Other names: Leonberg, Chien de Leonberg, Leo
The Leonberger, known as the Leo, is mainly a guard dog as well as being a very sweet companion dog. Very loyal, extremely attached to and patient with children, this mountain dog is generally calm and outgoing. They can, however, become very dangerous if there is a threat to their family or property.
Key facts about the Leonberger
Life expectancy :
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Origins and history
There are several theories surrounding the Leonberger’s origins, but it seems that this breed is rather recent: in 1846, the councillor Henri Essig de Leonberg (hence the name of the breed), would have crossed his own Newfoundland with Saint Bernards and Mountain dogs from the Pyrenees, thus creating a new breed. The breed was officially recognised by the FCI in 1955.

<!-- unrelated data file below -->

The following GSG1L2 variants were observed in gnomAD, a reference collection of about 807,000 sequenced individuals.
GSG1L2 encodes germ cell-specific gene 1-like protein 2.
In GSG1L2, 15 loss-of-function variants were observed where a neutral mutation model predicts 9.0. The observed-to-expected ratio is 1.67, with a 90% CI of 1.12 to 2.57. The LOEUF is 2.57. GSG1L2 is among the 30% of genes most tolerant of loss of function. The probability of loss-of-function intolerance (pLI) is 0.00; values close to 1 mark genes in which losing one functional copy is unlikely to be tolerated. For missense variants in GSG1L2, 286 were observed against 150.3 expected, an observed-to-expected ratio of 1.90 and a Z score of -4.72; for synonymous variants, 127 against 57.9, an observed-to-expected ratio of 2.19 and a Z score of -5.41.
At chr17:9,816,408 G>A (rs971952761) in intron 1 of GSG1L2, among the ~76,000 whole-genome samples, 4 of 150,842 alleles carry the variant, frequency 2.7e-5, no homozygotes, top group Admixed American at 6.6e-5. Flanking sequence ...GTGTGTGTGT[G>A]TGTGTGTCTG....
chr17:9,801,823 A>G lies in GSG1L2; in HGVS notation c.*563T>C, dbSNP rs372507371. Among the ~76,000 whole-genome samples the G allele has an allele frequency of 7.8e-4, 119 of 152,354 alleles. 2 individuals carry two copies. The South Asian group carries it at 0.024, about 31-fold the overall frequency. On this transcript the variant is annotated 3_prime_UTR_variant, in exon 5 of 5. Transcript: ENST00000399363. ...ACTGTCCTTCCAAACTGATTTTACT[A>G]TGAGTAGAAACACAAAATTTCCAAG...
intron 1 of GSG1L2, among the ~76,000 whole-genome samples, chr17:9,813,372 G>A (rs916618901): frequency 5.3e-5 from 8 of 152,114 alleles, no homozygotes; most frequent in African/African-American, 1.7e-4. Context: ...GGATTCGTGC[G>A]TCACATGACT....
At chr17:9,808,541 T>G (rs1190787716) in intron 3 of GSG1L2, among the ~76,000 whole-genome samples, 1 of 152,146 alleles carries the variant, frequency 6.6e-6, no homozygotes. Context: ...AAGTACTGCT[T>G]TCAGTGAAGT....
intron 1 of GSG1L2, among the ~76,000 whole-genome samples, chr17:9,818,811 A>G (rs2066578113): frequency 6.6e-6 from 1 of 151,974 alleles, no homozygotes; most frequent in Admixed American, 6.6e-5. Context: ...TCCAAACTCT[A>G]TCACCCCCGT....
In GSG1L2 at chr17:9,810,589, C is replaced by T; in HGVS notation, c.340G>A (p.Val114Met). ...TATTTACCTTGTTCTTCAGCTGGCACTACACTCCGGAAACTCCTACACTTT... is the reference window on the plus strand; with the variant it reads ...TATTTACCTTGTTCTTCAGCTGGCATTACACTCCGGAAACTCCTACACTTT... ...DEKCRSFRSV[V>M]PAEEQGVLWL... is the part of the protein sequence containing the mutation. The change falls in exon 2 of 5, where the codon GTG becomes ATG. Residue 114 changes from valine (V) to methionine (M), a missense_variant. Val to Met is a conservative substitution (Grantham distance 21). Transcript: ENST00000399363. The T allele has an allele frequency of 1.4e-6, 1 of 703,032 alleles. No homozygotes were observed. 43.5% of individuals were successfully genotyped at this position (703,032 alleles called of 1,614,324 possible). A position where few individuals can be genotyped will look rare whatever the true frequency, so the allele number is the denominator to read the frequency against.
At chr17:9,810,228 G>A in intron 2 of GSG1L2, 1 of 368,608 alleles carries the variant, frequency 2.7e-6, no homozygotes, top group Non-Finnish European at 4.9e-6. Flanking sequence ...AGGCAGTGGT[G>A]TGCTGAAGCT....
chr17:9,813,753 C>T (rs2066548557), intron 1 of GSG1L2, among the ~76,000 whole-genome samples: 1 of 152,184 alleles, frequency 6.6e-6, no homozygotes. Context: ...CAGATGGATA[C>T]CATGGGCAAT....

Physical characteristics of the Leonberger
Female : Between 26 and 30 in
Male : Between 28 and 31 in
Female : Between 99 and 121 lb
Male : Between 121 and 143 lb
The coat can be many shades of fawn: light, red or dark. They can also be a sandy colour or any other shade between fawn and sand. The muzzle is black.
Type of coat
The hair is long.
The fur is straight, with a slight wave allowed by the official standard. The undercoat is dense. They have a beautiful mane all around their neck and chest.
Their eyes range from light to dark brown.
The Leonberger is a large dog, a “giant” with a muscular but elegant and well-proportioned body and a lively temperament. The head is moderately arched, with a skull that is lower and narrower than that of a Saint Bernard, the breed from which the Leonberger originates from. The head seems deeper and wider. The skin doesn’t form into wrinkles on the face. The muzzle is slightly deep: never pointed. The stop is moderate. The chamfer is slightly hooked. The ears are high-set, drooping and flattened to the sides of the head. Their legs are strong and robust, of a solid frame and well-aligned. The tail is carried half-hanging, never coiled above the back.